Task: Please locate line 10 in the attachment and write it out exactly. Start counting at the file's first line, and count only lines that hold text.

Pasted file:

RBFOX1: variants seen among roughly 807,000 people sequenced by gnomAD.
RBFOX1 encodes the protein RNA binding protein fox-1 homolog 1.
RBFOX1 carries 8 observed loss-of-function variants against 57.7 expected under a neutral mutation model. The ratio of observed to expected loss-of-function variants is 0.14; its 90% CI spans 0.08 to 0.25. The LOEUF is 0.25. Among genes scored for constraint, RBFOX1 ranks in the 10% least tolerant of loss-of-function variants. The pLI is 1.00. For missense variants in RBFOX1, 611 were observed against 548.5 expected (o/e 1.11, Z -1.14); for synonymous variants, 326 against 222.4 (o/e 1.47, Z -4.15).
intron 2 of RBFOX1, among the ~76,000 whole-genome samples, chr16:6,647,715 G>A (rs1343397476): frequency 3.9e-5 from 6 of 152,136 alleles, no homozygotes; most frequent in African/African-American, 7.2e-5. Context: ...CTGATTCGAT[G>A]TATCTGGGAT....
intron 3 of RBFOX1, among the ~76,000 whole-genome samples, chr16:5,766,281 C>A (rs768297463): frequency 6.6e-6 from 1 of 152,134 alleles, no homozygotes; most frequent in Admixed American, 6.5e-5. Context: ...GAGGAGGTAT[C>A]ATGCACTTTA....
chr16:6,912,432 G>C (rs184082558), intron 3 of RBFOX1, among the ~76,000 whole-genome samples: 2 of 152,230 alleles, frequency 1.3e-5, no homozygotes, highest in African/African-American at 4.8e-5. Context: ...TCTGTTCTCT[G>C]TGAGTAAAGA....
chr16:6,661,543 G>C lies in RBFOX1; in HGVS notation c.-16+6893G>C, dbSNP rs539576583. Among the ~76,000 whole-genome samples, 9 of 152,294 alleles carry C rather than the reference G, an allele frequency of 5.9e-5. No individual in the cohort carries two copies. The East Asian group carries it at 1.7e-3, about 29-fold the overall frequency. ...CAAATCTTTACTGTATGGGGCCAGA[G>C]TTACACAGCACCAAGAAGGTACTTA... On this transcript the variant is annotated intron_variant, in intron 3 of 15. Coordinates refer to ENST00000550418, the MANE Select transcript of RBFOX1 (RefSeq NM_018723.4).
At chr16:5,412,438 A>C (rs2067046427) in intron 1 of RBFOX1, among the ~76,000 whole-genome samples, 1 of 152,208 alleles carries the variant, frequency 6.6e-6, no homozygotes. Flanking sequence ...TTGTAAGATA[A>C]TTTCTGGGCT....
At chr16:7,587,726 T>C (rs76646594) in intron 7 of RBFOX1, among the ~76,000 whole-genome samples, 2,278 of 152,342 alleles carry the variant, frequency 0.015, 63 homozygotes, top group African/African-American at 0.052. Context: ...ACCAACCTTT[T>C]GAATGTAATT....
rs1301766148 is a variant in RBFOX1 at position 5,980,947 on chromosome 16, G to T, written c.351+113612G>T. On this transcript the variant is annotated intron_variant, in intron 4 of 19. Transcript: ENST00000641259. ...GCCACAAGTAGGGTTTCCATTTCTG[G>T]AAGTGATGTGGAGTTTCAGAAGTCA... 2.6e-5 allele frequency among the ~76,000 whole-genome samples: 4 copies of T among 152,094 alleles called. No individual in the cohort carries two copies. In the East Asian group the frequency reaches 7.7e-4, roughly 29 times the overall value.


rs1301766148 is a variant in RBFOX1 at position 5,980,947 on chromosome 16, G to T, written c.351+113612G>T. On this transcript the variant is annotated intron_variant, in intron 4 of 19. Transcript: ENST00000641259. ...GCCACAAGTAGGGTTTCCATTTCTG[G>T]AAGTGATGTGGAGTTTCAGAAGTCA... 2.6e-5 allele frequency among the ~76,000 whole-genome samples: 4 copies of T among 152,094 alleles called. No individual in the cohort carries two copies. In the East Asian group the frequency reaches 7.7e-4, roughly 29 times the overall value.